I remember our GP showing me the blue-grey puffer and explaining how I should exhale as far as I could, and then while inhaling slowly, squeeze the small canister to release a single puff of aerosol. If the taste was faintly medicinal, the effect was astonishing: within seconds, the wheeze would be gone. My laughter would change from a shallow giggle to a hearty belly laugh. The drug proved an absolute blockbuster. Almost 50 years later it's famous for its fast action and unusual lack of side-effects. Indeed, many pharmacologists argue that it has never been superseded, although alternative strategies now exist for managing asthma.
But salbutamol has a darker side. Exercise too can cause bronchostriction. So it was not long before someone realised that chemically relaxing the muscles of the bronchi might help breathless athletes go further and faster. The result was that beta-2 agonists started being used widely in track and field athletics, cycling, and swimming, to boost performance.
In 1993, the International Olympic Committee banned beta-2 agonists. Yet because they are so important in everyday medicine, the sporting authorities introduced the Therapeutic Use Exemption which allowed athletes with medical problems to take these drugs to treat their condition.
After the 1998 Winter Olympics, it was found that the number of athletes registered as suffering from asthma, and therefore eligible for the exemption, had risen by an astonishing 60 per cent. Salbutamol therefore became one of the very few drugs governed by two regimes. Any athlete with urine content of over 100ng/ml of the drug metabolites would be issued with a warning. But if that level exceeded 1000ng/ml it would result in a ban, in part because at these levels salbutamol starts to have muscle-building or anabolic effects. In 2010, the lower limit was lifted in light of evidence casting doubt on its performance-enhancing effects. Athletes need now only declare using salbutamol for medicinal purposes when asked for a drugs test.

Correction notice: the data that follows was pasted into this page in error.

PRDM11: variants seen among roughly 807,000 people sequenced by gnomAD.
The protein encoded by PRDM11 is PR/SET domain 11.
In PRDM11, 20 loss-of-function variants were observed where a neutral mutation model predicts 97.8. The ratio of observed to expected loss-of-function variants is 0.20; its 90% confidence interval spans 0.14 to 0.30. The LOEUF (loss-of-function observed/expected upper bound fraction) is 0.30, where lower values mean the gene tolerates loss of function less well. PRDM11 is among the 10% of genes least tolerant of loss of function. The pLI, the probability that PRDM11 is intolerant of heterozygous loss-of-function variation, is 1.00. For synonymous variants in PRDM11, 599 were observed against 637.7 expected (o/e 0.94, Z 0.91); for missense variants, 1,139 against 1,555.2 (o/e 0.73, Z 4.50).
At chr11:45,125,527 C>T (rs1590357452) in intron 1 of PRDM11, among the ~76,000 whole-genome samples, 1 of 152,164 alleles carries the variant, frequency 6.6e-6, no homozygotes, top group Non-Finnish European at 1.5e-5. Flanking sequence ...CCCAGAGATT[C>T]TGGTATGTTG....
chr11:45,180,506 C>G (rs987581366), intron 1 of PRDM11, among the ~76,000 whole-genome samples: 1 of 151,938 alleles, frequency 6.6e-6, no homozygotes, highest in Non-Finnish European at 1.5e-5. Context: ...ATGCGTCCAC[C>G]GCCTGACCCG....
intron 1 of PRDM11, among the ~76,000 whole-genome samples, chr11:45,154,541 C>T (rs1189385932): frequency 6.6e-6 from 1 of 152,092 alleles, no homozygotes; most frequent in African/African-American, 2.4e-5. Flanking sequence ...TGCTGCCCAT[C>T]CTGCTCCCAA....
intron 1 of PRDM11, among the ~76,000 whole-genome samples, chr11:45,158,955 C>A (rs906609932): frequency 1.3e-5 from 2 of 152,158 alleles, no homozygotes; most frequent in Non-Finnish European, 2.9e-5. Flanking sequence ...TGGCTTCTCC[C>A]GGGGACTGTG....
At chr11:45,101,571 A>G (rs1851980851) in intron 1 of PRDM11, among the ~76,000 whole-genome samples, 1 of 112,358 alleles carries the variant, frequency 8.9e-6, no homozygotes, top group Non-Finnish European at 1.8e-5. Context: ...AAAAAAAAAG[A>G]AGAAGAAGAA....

The debate in sport will go on and on. But for those of us with asthma, salbutamol is almost the elixir of life. The inexorable rise in the prevalence of asthma has led to a steady widening in the strategies for managing the condition. But salbutamol remains at the heart of it. If you look in my cycling panniers you will always find one of those little blue inhalers. I use it maybe once a year.
So clearly a useful compound to have around – especially if you're asthmatic. That was UCL's Andrea Sella with the blockbuster chemistry of salbutamol. Now, next week, we go a little further back in time to the origins of manufacturing.
When early humans first began to produce tools and other artefacts, they were limited to stone and living matter – whether wood, plant material or animal-based – as the basis for their manufacturing. With time, the ability to heat materials and process them added metals, glass and ceramics like pottery to that line up. But for a good 2000 years there was nothing else available. In the early 1900s a sixth type of substance, the first truly artificial manufacturing material, joined the original five. It was called bakelite.
And to find out the chemistry and many uses of bakelite, join Brian Clegg in next week's Chemistry in its element. Until then, thank you for listening. I'm Meera Senthilingam.